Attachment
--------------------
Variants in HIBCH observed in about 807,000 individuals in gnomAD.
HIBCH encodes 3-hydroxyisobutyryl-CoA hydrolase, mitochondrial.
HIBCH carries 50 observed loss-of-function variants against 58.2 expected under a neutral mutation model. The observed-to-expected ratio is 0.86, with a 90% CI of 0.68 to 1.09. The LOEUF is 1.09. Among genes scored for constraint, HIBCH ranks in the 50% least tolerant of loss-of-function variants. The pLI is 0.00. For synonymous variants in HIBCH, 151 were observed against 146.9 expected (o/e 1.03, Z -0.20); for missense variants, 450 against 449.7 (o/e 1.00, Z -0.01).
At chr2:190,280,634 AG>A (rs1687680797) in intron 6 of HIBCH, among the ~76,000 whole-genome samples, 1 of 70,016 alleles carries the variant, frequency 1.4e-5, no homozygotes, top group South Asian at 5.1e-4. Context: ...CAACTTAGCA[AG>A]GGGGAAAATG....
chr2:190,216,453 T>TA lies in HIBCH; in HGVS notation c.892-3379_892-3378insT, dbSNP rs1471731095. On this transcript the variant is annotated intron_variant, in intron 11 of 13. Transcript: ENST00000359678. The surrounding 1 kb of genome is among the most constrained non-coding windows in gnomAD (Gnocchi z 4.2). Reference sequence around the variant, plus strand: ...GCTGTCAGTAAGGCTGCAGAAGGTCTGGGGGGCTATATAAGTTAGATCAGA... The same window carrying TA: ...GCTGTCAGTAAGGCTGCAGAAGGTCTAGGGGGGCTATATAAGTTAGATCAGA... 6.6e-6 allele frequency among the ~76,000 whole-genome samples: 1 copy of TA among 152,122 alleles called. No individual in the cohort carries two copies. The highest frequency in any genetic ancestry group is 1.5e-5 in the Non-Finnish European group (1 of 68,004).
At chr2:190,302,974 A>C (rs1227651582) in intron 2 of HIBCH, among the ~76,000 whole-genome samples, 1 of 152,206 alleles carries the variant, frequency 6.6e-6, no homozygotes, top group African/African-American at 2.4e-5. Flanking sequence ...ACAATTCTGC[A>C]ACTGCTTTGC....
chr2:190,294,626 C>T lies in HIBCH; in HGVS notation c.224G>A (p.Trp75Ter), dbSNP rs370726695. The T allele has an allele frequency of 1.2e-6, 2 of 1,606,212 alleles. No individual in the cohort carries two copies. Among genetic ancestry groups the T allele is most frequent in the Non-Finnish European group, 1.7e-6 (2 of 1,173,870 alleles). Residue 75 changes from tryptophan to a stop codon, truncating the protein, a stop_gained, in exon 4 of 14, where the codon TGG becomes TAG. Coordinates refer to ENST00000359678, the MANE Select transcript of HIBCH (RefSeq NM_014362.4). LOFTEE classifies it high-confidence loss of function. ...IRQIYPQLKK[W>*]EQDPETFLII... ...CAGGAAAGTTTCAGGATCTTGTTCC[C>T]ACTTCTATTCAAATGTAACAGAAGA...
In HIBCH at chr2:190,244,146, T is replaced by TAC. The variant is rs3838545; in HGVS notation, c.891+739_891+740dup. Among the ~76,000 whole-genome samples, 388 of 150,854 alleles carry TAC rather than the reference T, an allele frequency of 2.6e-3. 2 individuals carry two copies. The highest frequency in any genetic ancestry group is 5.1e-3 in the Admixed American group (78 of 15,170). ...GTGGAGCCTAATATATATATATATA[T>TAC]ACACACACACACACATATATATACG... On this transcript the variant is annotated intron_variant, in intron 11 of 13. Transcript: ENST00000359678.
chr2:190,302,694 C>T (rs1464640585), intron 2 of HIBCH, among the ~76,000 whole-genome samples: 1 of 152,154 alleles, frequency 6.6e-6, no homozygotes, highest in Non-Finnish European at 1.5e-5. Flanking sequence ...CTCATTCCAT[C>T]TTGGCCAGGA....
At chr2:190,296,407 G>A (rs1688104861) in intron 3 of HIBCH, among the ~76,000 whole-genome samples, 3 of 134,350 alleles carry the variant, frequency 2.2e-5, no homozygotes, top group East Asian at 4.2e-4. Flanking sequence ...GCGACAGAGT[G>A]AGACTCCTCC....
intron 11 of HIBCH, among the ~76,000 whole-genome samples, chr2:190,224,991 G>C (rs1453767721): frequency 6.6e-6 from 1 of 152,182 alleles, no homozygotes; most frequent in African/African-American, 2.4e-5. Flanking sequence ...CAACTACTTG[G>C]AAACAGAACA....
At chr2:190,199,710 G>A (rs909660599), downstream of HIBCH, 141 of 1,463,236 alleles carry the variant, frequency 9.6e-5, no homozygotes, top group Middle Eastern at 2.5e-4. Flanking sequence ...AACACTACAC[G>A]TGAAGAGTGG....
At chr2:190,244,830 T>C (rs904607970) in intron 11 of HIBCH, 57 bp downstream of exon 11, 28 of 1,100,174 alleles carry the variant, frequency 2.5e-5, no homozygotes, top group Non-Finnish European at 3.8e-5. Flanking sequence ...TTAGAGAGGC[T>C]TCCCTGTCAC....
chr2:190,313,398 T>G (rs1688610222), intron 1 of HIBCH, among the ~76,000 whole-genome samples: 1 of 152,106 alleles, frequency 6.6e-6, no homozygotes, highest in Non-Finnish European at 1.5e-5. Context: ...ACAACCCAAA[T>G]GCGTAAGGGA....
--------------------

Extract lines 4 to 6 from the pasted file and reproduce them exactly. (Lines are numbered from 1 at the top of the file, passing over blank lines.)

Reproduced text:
At chr2:190,280,634 AG>A (rs1687680797) in intron 6 of HIBCH, among the ~76,000 whole-genome samples, 1 of 70,016 alleles carries the variant, frequency 1.4e-5, no homozygotes, top group South Asian at 5.1e-4. Context: ...CAACTTAGCA[AG>A]GGGGAAAATG....
chr2:190,216,453 T>TA lies in HIBCH; in HGVS notation c.892-3379_892-3378insT, dbSNP rs1471731095. On this transcript the variant is annotated intron_variant, in intron 11 of 13. Transcript: ENST00000359678. The surrounding 1 kb of genome is among the most constrained non-coding windows in gnomAD (Gnocchi z 4.2). Reference sequence around the variant, plus strand: ...GCTGTCAGTAAGGCTGCAGAAGGTCTGGGGGGCTATATAAGTTAGATCAGA... The same window carrying TA: ...GCTGTCAGTAAGGCTGCAGAAGGTCTAGGGGGGCTATATAAGTTAGATCAGA... 6.6e-6 allele frequency among the ~76,000 whole-genome samples: 1 copy of TA among 152,122 alleles called. No individual in the cohort carries two copies. The highest frequency in any genetic ancestry group is 1.5e-5 in the Non-Finnish European group (1 of 68,004).
At chr2:190,302,974 A>C (rs1227651582) in intron 2 of HIBCH, among the ~76,000 whole-genome samples, 1 of 152,206 alleles carries the variant, frequency 6.6e-6, no homozygotes, top group African/African-American at 2.4e-5. Flanking sequence ...ACAATTCTGC[A>C]ACTGCTTTGC....